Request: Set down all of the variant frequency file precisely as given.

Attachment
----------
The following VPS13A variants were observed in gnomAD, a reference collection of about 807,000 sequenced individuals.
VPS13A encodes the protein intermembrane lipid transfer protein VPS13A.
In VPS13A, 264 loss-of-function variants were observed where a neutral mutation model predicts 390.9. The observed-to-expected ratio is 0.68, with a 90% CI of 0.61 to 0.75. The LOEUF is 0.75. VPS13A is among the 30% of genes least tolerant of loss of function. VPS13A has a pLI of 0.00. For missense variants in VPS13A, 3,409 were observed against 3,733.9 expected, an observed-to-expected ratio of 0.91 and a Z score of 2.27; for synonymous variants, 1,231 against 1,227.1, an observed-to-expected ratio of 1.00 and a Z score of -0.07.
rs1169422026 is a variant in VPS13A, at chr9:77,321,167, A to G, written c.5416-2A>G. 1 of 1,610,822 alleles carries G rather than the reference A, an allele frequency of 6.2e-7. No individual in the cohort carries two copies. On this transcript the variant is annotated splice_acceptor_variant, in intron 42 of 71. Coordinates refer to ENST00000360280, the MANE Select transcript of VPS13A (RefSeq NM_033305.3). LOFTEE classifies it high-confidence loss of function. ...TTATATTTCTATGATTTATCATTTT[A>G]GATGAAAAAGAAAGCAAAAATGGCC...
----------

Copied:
The following VPS13A variants were observed in gnomAD, a reference collection of about 807,000 sequenced individuals.
VPS13A encodes the protein intermembrane lipid transfer protein VPS13A.
In VPS13A, 264 loss-of-function variants were observed where a neutral mutation model predicts 390.9. The observed-to-expected ratio is 0.68, with a 90% CI of 0.61 to 0.75. The LOEUF is 0.75. VPS13A is among the 30% of genes least tolerant of loss of function. VPS13A has a pLI of 0.00. For missense variants in VPS13A, 3,409 were observed against 3,733.9 expected, an observed-to-expected ratio of 0.91 and a Z score of 2.27; for synonymous variants, 1,231 against 1,227.1, an observed-to-expected ratio of 1.00 and a Z score of -0.07.
rs1169422026 is a variant in VPS13A, at chr9:77,321,167, A to G, written c.5416-2A>G. 1 of 1,610,822 alleles carries G rather than the reference A, an allele frequency of 6.2e-7. No individual in the cohort carries two copies. On this transcript the variant is annotated splice_acceptor_variant, in intron 42 of 71. Coordinates refer to ENST00000360280, the MANE Select transcript of VPS13A (RefSeq NM_033305.3). LOFTEE classifies it high-confidence loss of function. ...TTATATTTCTATGATTTATCATTTT[A>G]GATGAAAAAGAAAGCAAAAATGGCC...